The 7 Hallmarks of Effective Feedback


Feedback should be tied to specific, measurable learning goals, objectives, or standards. To achieve this, it’s important to reference the rubric. When using a rubric, try to link your feedback and comments to the rubric components, using similar language if possible. This helps students understand where they in relation to stated goals.

Feedback must be descriptive and specific to each student - clear, personalized, and granular. It’s important to make direct references to the student work and cite specific examples of things they did well and things they need to work on. Use quotation marks or highlighting tools to indicate the portion of the writing on which you are commenting. This level of detail allows students to more clearly understand their performance.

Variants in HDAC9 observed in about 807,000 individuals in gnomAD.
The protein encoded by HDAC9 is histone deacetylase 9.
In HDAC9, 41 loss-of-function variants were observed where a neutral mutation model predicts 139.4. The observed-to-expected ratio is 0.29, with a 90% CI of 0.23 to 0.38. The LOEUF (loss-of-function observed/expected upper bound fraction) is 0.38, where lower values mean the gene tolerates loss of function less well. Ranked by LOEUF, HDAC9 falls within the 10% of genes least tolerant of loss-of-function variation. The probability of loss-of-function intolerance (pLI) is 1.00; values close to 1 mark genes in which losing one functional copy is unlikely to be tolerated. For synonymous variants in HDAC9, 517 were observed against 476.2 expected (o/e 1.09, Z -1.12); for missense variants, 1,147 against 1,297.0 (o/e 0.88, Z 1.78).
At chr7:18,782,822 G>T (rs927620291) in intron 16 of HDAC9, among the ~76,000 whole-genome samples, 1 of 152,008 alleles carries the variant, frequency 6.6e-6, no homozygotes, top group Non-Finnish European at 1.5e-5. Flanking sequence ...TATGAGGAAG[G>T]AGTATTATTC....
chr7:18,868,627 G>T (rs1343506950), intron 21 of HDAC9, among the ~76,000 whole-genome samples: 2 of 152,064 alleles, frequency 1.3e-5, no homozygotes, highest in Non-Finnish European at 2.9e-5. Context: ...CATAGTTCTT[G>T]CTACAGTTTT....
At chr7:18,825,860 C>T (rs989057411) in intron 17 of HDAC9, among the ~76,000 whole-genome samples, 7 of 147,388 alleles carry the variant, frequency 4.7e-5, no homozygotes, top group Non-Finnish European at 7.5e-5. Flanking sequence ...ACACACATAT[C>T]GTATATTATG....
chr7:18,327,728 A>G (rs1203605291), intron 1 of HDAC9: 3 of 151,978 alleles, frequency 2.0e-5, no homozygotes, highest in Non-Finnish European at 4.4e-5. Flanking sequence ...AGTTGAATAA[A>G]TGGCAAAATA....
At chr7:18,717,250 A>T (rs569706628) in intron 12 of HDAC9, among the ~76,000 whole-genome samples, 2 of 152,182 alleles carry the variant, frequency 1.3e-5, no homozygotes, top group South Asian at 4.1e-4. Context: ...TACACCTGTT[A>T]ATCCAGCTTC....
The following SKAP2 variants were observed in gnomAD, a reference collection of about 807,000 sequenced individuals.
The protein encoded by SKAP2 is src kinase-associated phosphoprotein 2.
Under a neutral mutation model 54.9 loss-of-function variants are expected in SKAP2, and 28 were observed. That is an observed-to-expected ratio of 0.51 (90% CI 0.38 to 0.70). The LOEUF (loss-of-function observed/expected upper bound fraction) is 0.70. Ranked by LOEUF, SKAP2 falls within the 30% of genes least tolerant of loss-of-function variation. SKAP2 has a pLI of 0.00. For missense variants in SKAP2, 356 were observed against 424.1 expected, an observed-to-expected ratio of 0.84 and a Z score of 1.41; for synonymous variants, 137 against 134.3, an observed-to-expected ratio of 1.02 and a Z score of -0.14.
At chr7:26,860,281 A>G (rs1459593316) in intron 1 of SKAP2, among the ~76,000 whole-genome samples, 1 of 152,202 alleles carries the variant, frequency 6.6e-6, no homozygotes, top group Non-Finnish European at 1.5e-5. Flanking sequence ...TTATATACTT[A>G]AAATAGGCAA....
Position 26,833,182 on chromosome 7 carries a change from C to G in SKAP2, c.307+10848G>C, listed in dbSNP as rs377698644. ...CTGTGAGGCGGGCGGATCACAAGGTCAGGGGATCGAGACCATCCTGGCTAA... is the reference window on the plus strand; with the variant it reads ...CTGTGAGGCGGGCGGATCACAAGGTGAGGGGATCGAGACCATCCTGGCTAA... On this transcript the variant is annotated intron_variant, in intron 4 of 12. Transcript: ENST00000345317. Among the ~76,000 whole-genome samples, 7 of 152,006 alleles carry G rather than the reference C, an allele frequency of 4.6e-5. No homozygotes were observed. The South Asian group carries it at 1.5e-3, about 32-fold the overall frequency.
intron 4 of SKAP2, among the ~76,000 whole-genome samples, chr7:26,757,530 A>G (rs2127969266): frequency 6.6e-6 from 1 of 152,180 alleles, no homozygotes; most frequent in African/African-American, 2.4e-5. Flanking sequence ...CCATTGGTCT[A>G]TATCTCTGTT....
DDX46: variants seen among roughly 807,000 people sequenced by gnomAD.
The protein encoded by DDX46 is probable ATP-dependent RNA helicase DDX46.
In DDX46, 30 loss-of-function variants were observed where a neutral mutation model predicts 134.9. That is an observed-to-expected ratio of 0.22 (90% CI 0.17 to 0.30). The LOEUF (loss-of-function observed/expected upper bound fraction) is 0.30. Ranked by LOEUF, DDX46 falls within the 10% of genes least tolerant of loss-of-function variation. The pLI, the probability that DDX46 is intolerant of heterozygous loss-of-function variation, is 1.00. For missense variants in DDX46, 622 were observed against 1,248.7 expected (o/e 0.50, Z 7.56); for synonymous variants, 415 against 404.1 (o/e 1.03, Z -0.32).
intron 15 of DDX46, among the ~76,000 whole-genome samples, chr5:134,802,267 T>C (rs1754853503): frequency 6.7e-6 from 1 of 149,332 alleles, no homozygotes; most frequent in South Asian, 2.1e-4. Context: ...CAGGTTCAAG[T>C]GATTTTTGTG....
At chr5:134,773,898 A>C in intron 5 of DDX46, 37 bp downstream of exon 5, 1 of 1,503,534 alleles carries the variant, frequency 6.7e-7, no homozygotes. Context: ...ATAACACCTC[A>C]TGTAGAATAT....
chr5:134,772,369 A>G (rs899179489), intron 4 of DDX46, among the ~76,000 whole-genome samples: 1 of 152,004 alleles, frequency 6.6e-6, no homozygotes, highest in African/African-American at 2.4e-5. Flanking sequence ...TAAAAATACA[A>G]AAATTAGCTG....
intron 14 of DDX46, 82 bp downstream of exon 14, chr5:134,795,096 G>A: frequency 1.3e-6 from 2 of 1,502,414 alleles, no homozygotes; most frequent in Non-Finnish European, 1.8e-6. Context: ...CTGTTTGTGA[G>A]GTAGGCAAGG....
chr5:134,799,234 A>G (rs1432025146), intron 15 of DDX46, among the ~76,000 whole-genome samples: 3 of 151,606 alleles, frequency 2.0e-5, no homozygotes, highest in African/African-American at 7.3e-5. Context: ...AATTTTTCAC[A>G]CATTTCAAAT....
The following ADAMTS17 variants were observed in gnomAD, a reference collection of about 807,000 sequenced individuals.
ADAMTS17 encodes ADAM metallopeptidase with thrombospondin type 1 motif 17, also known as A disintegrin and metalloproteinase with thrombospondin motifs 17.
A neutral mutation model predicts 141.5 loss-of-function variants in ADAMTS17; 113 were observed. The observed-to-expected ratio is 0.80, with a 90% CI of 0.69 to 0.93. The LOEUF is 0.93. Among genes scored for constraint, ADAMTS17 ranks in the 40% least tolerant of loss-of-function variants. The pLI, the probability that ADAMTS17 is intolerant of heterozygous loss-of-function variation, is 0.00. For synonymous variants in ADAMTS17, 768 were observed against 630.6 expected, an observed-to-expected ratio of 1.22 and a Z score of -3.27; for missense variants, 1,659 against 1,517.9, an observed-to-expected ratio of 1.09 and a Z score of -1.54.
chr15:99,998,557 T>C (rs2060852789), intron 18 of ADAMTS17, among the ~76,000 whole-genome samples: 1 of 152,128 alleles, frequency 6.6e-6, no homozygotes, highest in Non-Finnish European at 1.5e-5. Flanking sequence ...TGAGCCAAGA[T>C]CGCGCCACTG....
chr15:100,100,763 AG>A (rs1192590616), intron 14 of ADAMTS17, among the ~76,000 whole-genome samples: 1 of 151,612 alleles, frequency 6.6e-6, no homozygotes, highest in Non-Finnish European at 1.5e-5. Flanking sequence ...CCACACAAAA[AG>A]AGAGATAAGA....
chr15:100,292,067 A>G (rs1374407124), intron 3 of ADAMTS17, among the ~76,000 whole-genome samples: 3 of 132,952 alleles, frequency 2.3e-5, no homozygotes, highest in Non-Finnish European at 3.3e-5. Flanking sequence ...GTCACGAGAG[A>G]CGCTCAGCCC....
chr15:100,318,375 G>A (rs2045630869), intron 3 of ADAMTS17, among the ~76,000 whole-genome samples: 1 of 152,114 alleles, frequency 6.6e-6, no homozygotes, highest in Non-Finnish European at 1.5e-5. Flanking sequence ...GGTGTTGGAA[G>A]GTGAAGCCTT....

There needs to be a clear next step for the student - either for revision or future assignments. Feedback that students can’t implement leads to more questions than answers. Your goal should be to equip the student with a clear action plan to drive their work forward.


Feedback must be understandable to the learner - tangible, transparent, and user-friendly. It’s important to keep feedback “bite-sized” and concrete so students don’t get lost in the weeds. Feedback that it is easy for the student to internalize and implement is most effective.

Ongoing, Consistent and Timely

To be effective, feedback must also be ongoing, consistent, and timely. This means that students need ample opportunities to use feedback and that feedback must be accurate, trustworthy and stable. When feedback isn’t timely, students are disengaged and demotivated. As a Graider, it is your job to meet all deadlines and ensure you deliver consistent, calibrated feedback.